Copyright 2002

[ April 1st 2002 ]

Somewhere, in a darkened bedroom or a cinderblock basement, a kid is sitting at a computer, dreaming of creating the perfect video game. In the past, that dream probably would have died. But as the market for video games accelerates into a multibillion dollar industry, the need for developers to feed games to the marketplace has grown.

Universities and smaller private institutes are establishing courses - and even degrees - to fill the need. Students who might have signed up for film classes a decade or two ago are increasingly looking at video games as a means of expression. "Students were coming up to me, asking me why we weren't offering game courses," said Andy Phelps, an instructor of information technology at Rochester Institute of Technology in Rochester, N.Y. Phelps organized a concentration in game development, which was offered for the first time in the winter quarter. He said the school is planning to offer a degree soon.

One of his students, Zachary Welch, 23, arrived at RIT to major in computer engineering, but wants to make games a career. "It's not going to be that big a jump," said Welch, a Chicago native who heads a campus gaming club that he hopes to expand nationwide. Welch, like many now studying gaming, grew up with games. "When I was a kid, my dad worked and my mom worked off and on, so they pretty much dropped us off at the arcade with $20," he said. "Games are so universal. Everybody plays games."

Other schools are further along. Georgia Tech offers a master's program in game development, and Southern California is starting one this fall. The Art Institutes International at San Francisco began a Game Art & Design program last fall. For David Yost, 21, of Merrimack, N.H., finding the school on the Internet was a dream come true. "I always loved video games, and I wanted to do something I loved for a living," said Yost, one of six students in the fledgling program, where the cost can hit $5,000 a quarter.

For that money, students don't sit around playing Final Fantasy X or Madden NFL 2002. At RIT, for example, students learn about programming two- and three-dimensional graphics. They also take Programming for Digital Media, Writing for Interactive Multimedia and the obscurely titled Multi-User Media Spaces. The payoff, the students hope, is a chance to work on cutting-edge titles at a top game company such as Electronic Arts, Sega or Konami.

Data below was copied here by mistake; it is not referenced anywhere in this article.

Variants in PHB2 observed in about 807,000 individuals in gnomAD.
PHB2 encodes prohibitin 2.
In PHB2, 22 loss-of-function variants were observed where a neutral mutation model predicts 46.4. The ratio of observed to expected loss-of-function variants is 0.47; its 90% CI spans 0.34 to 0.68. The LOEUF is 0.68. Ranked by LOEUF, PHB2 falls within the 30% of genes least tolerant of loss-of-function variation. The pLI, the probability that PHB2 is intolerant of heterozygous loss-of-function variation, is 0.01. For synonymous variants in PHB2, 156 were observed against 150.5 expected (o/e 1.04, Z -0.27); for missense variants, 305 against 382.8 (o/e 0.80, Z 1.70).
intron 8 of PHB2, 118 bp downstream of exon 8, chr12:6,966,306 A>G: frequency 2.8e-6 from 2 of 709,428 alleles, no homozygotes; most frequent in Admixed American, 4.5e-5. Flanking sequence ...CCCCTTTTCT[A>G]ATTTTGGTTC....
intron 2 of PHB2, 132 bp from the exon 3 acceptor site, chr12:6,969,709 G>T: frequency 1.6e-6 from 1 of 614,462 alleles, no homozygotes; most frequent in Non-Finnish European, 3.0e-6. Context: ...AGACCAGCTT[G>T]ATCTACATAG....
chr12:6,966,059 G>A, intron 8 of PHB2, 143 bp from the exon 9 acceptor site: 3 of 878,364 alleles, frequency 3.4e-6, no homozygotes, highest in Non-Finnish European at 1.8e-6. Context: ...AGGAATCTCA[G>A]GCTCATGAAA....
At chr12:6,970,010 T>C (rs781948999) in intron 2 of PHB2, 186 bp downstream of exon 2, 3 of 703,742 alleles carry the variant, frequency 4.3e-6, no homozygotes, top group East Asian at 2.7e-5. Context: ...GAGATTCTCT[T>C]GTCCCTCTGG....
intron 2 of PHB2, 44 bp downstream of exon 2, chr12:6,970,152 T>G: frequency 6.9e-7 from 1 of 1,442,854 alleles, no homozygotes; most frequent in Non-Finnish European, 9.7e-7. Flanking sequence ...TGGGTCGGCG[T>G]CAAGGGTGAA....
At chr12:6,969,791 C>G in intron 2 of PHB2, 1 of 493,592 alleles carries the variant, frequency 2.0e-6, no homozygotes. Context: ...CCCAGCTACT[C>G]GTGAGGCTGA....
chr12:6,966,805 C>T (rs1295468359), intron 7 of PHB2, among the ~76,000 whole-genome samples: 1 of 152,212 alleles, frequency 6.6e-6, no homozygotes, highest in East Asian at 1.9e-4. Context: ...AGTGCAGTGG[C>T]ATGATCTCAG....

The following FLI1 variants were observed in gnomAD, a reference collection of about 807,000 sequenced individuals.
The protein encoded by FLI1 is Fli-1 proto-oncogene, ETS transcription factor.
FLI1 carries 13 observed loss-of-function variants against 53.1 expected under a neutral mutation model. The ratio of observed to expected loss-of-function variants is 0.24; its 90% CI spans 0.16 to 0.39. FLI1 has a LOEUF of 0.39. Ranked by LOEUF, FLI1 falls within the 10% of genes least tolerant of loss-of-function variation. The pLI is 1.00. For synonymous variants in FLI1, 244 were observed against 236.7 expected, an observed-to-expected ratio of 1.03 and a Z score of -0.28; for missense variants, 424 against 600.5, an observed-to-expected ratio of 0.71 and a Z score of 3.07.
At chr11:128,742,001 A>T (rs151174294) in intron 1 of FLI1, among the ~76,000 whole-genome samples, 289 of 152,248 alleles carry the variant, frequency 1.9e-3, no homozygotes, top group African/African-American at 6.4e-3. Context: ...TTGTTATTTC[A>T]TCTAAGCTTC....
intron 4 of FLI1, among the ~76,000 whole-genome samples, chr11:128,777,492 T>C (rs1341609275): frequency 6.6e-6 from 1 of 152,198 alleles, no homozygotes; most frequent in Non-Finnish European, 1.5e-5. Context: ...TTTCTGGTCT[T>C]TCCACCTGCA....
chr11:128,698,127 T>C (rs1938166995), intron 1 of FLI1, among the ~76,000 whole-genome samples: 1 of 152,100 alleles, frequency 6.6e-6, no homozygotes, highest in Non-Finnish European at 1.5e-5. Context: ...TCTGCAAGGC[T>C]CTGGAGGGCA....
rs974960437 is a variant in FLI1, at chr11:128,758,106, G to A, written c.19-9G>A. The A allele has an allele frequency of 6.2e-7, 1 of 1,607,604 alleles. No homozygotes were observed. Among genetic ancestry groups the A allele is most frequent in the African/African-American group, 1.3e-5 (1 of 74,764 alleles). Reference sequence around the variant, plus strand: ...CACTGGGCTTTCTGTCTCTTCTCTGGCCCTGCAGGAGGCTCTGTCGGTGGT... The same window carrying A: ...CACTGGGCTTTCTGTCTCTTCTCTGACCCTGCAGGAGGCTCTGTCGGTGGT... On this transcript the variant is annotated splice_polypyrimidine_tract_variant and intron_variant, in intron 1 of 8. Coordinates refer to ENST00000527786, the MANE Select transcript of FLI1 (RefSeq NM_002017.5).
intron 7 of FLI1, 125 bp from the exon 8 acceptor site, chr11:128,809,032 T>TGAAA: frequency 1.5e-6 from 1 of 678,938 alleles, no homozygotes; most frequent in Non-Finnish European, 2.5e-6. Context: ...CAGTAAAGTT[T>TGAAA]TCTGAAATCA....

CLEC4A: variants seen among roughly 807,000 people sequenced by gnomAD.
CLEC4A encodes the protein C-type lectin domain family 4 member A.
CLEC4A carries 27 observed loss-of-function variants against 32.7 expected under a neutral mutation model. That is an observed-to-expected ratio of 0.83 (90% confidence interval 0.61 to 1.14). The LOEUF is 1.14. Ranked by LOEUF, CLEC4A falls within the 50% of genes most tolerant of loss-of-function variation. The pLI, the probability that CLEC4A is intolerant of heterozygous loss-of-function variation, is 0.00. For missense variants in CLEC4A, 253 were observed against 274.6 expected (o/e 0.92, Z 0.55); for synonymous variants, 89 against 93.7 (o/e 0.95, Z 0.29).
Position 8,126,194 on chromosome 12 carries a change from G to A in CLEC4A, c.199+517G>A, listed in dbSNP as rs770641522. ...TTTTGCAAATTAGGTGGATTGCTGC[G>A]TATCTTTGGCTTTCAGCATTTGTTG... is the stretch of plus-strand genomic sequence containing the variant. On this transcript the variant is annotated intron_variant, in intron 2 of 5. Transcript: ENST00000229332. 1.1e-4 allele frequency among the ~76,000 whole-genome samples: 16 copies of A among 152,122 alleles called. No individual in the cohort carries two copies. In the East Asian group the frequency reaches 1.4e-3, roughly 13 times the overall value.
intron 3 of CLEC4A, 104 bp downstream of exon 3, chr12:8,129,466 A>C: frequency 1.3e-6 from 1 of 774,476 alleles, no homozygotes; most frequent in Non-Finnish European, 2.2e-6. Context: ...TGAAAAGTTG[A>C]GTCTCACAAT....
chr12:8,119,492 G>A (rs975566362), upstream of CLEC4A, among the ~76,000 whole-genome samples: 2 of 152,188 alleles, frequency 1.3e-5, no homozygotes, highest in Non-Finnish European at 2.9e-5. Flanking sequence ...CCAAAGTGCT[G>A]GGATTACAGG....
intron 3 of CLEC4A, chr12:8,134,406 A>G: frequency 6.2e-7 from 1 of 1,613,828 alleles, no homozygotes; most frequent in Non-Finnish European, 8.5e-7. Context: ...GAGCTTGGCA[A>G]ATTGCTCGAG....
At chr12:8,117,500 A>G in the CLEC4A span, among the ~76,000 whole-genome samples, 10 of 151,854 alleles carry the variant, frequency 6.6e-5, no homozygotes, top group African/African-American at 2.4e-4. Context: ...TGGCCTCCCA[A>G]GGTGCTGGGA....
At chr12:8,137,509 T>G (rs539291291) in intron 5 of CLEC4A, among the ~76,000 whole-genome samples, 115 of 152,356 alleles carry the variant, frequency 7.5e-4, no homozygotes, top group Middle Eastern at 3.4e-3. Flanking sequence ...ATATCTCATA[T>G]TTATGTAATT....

One of the best-known sources of development talent is the DigiPen Institute of Technology in Redmond, Wash., and Vancouver, Canada. DigiPen opened in 1988 as a computer animation and simulation company doing work for architects and engineers. When they were asked to create a season's worth of cartoon shows, they realized they didn't have enough staff, Vice President Jason Chu said. Advertising got them just two or three of the more than 30 people needed. "We realized that without manpower, the industry couldn't grow," he said.

The company began offering classes in animation in conjunction with the British Columbia Institute of Technology in Canada. In 1991, Nintendo came calling, and the idea of offering courses in video game development was born. Under the arrangement, Nintendo provides equipment and technical expertise, while DigiPen provides people.

DigiPen got 1,200 applicants for 30 slots, thanks to an announcement in the magazine Nintendo Power. The first class of 11 students graduated in July 2000, followed by 36 in April 2001 and another 11 in December. There are more than 100 students in the gaming program now, paying about $320 a credit, or close to $13,000 for a 154-credit degree.

The program can be rewarding. Of DigiPen's initial 11 graduates, nine went to such developers as Black Ops, Interplay and Dreamworks. At Sony Computer Entertainment of America in Foster City, 22% of Jim Wallace's 30-person game development team was hired right out of school. Almost half have previous development experience, and the rest come from the film industry.

How good are these new grads? Wallace said graduates aren't necessarily ready right away and require additional training by employers. But within two months, he said, "they are contributing to a game. After six months, they're really hitting it."

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